The Casket Lottery - Real Fear (Cover Artwork)
Staff Pick

The Casket Lottery

Real Fear (2012)

No Sleep Records

Thank God they've come back. Plain and simple. I've always enjoyed the Casket Lottery and they've taken the best characteristics of Choose Bronze, Moving Mountains and Survival is for Cowards and converged them all into one great record. It's weird how the run-in to the end of the year always seems to bring out the best albums and this proves no different.

Nathan Ellis has upped the ante with his vocal range, as he's added more layers of diversity to his delivery, and coupled that with bouts of enigmatic guitar work. Musically, this seems the most intricate of all their albums and there are a lot of positives to revel in off this record. "In the Branches" is haunting, piercing and full of Stacy Hilt's phenomenal basswork. Ellis' voice takes the aggression and distortion on this song to a new level. They've unleashed the best of their arsenal here, and Hilt's wow factor on the record is undeniably his best.

Coalesce may have taken them on a few differing crossroads but "Poor Dorian" compounds Ellis' variance on the mic. His straining voice, which switches from clean and pristine at the drop of a hat, punctuates how good he is and how much better he's become. He goes from calm and restrained into a powerful overdrive so smoothly, the segue really makes you wonder. The record is filled with this kind of relentless intensity and a lot is owed to the stellar production, which isn't too glossy or overdone, as you get the feel and roughness of each strum, drumbeat and note sung. Ellis' strumming hits the right chords at all the right times and this shows on "Ghost Whiskey" and the very indie-esque "Baptistina."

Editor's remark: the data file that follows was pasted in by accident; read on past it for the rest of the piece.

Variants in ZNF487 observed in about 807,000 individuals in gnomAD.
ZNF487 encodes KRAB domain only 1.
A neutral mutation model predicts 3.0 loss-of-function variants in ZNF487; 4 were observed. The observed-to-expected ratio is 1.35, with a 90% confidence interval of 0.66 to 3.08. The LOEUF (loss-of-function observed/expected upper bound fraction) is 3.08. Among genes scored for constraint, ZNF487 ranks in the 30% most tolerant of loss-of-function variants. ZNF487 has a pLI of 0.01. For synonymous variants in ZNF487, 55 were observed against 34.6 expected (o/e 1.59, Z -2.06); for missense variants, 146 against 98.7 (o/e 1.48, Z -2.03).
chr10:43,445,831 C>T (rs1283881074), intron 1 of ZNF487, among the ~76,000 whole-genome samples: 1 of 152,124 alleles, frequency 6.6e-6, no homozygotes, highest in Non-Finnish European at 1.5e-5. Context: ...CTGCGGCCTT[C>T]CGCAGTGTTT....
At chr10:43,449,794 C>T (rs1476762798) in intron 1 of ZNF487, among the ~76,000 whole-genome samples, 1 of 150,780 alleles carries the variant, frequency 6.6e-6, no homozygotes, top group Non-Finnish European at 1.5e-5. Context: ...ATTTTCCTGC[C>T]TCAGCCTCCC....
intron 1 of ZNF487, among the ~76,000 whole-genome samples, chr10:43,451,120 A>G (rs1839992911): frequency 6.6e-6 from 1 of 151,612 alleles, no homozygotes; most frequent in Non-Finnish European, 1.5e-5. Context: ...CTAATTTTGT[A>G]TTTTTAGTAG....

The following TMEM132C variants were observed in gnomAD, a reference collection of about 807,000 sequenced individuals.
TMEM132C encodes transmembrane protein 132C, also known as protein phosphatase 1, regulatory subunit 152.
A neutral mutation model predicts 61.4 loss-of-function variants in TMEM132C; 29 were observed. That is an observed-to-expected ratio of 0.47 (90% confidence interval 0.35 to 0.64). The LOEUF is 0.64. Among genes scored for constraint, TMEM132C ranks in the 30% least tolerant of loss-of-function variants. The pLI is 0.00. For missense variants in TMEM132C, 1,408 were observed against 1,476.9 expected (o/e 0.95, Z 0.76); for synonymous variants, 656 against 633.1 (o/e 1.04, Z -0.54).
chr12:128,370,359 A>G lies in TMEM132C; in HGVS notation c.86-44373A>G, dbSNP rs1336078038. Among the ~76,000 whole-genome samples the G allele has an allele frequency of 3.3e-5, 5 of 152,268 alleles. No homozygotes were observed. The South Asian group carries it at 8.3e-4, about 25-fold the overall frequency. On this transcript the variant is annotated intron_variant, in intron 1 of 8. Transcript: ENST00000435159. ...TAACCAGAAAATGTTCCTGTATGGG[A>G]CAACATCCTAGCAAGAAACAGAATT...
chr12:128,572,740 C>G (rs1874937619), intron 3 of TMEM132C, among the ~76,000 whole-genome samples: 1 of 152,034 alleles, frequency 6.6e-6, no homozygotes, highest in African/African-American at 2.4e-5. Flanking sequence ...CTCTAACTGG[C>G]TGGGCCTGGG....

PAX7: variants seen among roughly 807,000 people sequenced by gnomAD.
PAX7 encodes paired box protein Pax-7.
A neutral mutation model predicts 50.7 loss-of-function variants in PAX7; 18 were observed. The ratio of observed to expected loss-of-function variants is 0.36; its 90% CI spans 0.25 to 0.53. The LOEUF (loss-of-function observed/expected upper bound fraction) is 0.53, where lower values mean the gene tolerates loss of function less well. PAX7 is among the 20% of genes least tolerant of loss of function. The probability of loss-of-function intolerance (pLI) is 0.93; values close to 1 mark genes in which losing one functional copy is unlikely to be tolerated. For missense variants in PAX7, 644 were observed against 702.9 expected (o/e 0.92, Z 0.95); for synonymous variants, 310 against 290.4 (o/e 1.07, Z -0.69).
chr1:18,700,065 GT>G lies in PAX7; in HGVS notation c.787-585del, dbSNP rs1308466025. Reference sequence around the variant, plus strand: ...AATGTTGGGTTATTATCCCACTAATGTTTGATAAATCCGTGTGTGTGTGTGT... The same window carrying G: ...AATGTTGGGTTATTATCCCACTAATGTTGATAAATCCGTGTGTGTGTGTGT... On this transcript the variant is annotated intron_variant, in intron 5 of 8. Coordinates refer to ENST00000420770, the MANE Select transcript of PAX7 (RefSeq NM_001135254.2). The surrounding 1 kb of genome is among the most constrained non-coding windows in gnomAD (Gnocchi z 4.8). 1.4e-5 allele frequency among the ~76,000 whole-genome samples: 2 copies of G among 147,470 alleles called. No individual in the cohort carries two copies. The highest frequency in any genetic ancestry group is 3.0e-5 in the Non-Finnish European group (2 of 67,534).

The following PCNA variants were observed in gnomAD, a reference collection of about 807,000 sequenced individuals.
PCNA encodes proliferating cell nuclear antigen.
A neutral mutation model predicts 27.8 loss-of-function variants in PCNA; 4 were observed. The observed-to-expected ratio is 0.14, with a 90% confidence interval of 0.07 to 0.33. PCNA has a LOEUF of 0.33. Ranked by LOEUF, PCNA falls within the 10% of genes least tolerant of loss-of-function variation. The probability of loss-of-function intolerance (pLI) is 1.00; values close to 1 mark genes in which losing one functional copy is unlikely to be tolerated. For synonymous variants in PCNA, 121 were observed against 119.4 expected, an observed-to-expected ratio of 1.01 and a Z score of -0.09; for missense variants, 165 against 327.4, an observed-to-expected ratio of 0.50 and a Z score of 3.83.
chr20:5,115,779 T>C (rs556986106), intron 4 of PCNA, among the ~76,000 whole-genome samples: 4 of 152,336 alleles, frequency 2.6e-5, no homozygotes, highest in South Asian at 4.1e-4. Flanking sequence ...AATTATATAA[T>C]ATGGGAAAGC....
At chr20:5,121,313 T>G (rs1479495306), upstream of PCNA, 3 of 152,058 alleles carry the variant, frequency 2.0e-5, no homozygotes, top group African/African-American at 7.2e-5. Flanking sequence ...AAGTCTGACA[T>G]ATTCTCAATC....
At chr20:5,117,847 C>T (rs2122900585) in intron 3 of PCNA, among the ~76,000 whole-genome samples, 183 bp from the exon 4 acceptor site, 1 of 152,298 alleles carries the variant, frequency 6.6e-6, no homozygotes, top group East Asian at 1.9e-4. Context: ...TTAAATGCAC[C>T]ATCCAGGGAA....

The latter end of the record focuses more on an alternative style but to me, this record is heavily influenced with hardcore and post-hardcore throwbacks. The emotional lyrics, the riveting introspection and Ellis' inflection of life take us back to that cursive era of early Casket Lottery, which is a most welcomed fit of nostalgia. They return to their more melodic and harmonic sound with the soothing "The Moon and The Tide," eloquent in its pianos. Ellis continues to channel earnest words into all the tracks and with Hilt's ever-impressive basslines, there's even more love for "Pamina," which sounds like a mash-up of Sparta and Breaking Benjamin.

This band isn't flashy but they have such an enticing blitz to their array of tracks. I hope they garner more attention this time around and that no more hiatuses loom. If you want gritty, rhythmic or diligent rock music, this is the record for you. It has something for fans of different rock genres. From delicate alternative to deliberate explosions of heavy guitar work, the gents have set the stage for something grand.